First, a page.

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Scenario: A gang from the west of the USA wants to kill gang members from the east of the USA. The gang from the west meet a gang member from the east and ask:

'Where are you from?'

The gang member from the east replies:

'From the west.'

But he intends to mean 'the western world' so he said something intending a different meaning than that of the meaning in the minds of those he was addressing, thus fooling them, and saving himself.

Is there a term for this type of linguistic/semantic strategy?

Note: no offense to people from the USA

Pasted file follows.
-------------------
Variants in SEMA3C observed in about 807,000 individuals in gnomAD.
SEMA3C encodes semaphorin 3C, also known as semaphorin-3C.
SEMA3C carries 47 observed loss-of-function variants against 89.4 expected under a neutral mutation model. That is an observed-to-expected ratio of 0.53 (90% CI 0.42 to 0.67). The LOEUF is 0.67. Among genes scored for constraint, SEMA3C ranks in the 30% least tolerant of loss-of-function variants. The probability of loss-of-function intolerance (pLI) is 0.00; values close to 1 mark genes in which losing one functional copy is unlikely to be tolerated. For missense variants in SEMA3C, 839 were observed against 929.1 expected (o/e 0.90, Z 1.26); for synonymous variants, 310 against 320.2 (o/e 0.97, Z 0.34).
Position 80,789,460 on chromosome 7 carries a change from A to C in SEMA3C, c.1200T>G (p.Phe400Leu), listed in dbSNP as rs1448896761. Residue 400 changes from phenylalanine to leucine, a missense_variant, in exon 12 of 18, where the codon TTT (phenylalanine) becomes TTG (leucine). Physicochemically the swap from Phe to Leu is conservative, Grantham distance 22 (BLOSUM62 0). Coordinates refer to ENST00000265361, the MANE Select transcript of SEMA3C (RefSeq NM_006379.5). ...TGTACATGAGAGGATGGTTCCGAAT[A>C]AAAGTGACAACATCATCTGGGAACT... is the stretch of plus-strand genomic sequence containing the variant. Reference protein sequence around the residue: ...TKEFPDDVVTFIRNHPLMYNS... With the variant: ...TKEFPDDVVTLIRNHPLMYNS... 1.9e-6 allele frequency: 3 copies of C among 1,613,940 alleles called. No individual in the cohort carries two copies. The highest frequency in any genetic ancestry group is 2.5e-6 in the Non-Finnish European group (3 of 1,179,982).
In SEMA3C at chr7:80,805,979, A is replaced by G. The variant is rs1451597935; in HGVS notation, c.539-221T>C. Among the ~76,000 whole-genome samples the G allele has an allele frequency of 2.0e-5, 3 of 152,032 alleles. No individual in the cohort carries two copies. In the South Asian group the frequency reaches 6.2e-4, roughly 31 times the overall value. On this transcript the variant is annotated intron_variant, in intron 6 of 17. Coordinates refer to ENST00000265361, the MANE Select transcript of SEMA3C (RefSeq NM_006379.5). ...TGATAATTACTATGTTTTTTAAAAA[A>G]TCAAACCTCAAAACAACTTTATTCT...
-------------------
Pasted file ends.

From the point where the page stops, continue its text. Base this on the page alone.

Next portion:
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1 Answer

up vote 8 down vote accepted

When an answer can be interpreted different ways, especially with intent to deceive, it's an equivocal answer, and the act of answering this way is equivocation.

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Is there a single term which is used only for this type of statement which is intended to deceive? –  nicholas ainsworth Mar 30 '11 at 9:07
    
Yes, it's equivocation. Or you might say prevarication. Either works. –  Ed Guiness Mar 30 '11 at 9:07
    
Great - thanks for that. –  nicholas ainsworth Mar 30 '11 at 9:35
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